In addition to the costs associated with purchasing real estate, such as a down payment and closing costs, there's also the matter of home repairs and property maintenance. Depending on where you decide to live, there could be other fees to absorb, too, including garbage collection, yard waste removal, and water usage. Other expenses that first-time homeowners may overlook include the cost of buying a lawnmower, a snow blower, yard maintenance supplies, tools, and furniture. That's why creating a detailed estimated budget, based on your income, debts, and anticipated expenses can help you determine whether you're truly ready to take the plunge into homeownership.

Enlisting Professional Help

A mortgage broker or bank loan officer can provide you with assistance in calculating your financial readiness for purchasing a home. A good real estate agent can also offer insights and guidance into the process of finding, buying, and owning a house you can comfortably afford. They should be able to provide you with vital information about school taxes, property taxes, average utility bills, homeowner association fees (if any), and any issues revealed in the seller's disclosure form.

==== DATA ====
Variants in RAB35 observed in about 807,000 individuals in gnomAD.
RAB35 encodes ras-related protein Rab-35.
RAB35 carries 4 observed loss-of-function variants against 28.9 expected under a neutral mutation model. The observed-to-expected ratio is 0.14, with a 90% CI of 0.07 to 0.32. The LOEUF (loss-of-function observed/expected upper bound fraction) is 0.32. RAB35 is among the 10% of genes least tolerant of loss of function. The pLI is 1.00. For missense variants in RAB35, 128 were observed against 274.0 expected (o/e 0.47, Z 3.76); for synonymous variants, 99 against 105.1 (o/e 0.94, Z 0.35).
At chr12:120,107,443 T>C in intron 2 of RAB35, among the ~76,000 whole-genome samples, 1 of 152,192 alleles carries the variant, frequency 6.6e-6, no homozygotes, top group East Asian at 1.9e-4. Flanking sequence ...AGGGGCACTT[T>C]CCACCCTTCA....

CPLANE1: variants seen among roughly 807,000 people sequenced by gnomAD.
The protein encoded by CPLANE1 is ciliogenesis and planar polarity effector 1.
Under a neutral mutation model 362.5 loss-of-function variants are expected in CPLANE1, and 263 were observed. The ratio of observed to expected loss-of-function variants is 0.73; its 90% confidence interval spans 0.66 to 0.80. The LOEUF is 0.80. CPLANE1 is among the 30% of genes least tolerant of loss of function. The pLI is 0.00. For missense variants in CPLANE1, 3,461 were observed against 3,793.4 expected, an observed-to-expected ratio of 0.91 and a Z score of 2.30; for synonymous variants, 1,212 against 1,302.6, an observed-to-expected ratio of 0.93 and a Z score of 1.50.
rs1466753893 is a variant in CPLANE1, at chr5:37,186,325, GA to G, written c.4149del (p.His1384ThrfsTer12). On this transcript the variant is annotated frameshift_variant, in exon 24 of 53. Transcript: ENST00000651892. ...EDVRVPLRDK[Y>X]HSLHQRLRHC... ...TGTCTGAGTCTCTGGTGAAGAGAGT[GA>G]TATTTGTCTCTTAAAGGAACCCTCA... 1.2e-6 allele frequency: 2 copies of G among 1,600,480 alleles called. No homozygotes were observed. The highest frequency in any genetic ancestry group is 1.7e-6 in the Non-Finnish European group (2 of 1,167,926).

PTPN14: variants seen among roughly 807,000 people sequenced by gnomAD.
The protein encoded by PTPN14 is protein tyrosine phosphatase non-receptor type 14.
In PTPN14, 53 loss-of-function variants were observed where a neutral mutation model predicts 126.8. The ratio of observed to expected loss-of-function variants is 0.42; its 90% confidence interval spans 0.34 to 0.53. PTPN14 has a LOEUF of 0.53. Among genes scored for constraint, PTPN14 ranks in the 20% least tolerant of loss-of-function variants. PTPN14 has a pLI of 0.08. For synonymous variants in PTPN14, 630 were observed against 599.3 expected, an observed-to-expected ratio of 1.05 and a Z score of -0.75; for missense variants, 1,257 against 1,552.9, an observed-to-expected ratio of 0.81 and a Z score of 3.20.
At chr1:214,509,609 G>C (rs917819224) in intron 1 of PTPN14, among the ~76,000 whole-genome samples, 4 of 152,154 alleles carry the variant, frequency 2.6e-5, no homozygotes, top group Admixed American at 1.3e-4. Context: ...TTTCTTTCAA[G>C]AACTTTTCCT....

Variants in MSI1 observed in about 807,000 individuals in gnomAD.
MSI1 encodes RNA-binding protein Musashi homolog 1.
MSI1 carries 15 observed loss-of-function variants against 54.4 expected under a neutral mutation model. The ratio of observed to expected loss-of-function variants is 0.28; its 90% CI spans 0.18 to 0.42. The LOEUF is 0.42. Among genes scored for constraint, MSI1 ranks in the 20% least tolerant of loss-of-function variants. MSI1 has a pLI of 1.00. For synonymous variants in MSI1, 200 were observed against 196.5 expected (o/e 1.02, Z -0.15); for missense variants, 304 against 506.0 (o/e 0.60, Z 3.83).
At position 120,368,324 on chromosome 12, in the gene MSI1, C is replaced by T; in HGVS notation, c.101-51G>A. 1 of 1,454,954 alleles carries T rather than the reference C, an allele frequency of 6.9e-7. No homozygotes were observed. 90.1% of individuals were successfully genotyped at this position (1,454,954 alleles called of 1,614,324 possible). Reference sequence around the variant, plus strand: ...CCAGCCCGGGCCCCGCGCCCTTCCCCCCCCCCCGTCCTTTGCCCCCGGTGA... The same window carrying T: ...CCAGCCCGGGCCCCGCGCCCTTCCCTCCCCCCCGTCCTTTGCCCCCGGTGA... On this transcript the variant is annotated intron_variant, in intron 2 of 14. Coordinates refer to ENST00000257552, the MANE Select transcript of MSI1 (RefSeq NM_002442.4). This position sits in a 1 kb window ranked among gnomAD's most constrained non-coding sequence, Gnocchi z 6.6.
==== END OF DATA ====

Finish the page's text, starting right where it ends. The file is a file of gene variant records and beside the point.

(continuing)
One way to avoid -- or at least be prepared for -- costs that often accompany home ownership is to have a qualified property inspector take a close look at the condition of everything in the house from the basement and attic to major appliances and structural features. They can generally tell you whether there are any concerns about mechanical systems, water in the basement, foundation damage, issues with property drainage, the electrical system, potential plumbing problems, and dozens of other vital checkpoints

Whether you're a first-time house hunter or a seasoned homeowner, it pays to understand, anticipate, and budget for the many costs of being a property owner. While owning your own home can be a rewarding and satisfying experience, a guiding principle to keep in mind as you consider available homes on the market is "caveat emptor" (Let the buyer beware)!




Categories: Uncategorized  


Posted by Ryan Seward on 9/4/2018

This Single-Family in Wilmington, MA recently sold for $419,000. This Colonial style home was sold by Ryan Seward - RE/MAX Select Realty.


44 Cunningham, Wilmington, MA 01887